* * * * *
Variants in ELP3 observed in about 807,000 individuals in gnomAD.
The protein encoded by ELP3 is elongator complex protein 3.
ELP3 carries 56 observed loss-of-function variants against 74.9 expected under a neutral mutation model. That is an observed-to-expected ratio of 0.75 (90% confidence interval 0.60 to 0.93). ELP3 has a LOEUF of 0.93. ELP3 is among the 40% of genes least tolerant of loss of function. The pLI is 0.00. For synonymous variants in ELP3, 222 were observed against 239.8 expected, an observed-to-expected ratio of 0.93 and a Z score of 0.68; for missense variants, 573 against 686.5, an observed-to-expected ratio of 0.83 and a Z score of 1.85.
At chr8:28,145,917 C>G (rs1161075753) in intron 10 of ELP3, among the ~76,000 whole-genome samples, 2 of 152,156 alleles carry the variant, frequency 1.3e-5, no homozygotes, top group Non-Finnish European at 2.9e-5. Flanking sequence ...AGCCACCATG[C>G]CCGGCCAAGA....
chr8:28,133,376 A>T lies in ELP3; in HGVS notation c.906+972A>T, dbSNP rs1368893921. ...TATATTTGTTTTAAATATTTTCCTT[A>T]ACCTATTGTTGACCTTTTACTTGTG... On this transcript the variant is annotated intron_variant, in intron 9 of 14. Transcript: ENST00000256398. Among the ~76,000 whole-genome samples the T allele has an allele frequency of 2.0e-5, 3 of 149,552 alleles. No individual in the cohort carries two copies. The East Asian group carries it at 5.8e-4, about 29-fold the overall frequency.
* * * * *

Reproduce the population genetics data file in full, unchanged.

Variants in ELP3 observed in about 807,000 individuals in gnomAD.
The protein encoded by ELP3 is elongator complex protein 3.
ELP3 carries 56 observed loss-of-function variants against 74.9 expected under a neutral mutation model. That is an observed-to-expected ratio of 0.75 (90% confidence interval 0.60 to 0.93). ELP3 has a LOEUF of 0.93. ELP3 is among the 40% of genes least tolerant of loss of function. The pLI is 0.00. For synonymous variants in ELP3, 222 were observed against 239.8 expected, an observed-to-expected ratio of 0.93 and a Z score of 0.68; for missense variants, 573 against 686.5, an observed-to-expected ratio of 0.83 and a Z score of 1.85.
At chr8:28,145,917 C>G (rs1161075753) in intron 10 of ELP3, among the ~76,000 whole-genome samples, 2 of 152,156 alleles carry the variant, frequency 1.3e-5, no homozygotes, top group Non-Finnish European at 2.9e-5. Flanking sequence ...AGCCACCATG[C>G]CCGGCCAAGA....
chr8:28,133,376 A>T lies in ELP3; in HGVS notation c.906+972A>T, dbSNP rs1368893921. ...TATATTTGTTTTAAATATTTTCCTT[A>T]ACCTATTGTTGACCTTTTACTTGTG... On this transcript the variant is annotated intron_variant, in intron 9 of 14. Transcript: ENST00000256398. Among the ~76,000 whole-genome samples the T allele has an allele frequency of 2.0e-5, 3 of 149,552 alleles. No individual in the cohort carries two copies. The East Asian group carries it at 5.8e-4, about 29-fold the overall frequency.